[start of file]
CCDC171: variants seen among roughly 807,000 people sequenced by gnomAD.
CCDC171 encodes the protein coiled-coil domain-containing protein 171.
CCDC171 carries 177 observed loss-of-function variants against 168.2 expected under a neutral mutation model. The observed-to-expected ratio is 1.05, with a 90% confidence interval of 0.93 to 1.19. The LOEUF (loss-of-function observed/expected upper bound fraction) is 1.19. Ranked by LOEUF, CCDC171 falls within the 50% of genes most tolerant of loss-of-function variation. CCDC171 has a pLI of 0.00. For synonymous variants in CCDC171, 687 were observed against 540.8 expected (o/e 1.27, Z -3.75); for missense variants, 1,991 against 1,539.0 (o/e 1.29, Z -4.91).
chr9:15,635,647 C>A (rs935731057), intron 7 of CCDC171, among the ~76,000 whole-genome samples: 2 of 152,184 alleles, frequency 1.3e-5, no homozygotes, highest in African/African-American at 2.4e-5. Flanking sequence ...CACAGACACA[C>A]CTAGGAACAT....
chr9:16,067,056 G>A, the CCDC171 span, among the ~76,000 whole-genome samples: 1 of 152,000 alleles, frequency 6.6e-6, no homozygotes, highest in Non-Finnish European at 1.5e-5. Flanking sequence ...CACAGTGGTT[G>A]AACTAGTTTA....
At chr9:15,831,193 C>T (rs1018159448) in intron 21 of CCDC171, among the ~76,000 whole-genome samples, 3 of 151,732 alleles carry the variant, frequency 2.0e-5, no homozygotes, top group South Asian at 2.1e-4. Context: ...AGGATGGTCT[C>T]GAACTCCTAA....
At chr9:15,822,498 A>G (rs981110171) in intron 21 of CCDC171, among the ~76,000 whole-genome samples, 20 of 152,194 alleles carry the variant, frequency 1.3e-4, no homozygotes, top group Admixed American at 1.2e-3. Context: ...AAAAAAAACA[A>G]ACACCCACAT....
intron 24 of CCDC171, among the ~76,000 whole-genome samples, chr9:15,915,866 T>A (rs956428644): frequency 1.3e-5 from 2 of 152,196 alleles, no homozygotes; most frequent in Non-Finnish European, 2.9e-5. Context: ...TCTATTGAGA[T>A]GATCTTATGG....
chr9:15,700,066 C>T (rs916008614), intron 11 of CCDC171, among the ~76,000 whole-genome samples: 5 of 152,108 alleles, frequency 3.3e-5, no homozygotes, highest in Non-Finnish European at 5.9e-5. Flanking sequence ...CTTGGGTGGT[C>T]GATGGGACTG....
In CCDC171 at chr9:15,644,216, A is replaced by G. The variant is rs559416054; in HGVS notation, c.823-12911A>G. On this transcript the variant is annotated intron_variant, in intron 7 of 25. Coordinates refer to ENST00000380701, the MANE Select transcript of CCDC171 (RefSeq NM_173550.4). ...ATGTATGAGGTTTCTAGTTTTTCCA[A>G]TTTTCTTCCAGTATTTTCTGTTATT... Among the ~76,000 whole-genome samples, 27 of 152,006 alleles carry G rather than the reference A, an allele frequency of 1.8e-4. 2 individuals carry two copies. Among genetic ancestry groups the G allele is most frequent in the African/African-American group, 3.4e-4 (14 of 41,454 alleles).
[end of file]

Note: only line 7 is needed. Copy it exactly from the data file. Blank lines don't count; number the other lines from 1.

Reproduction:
At chr9:15,822,498 A>G (rs981110171) in intron 21 of CCDC171, among the ~76,000 whole-genome samples, 20 of 152,194 alleles carry the variant, frequency 1.3e-4, no homozygotes, top group Admixed American at 1.2e-3. Context: ...AAAAAAAACA[A>G]ACACCCACAT....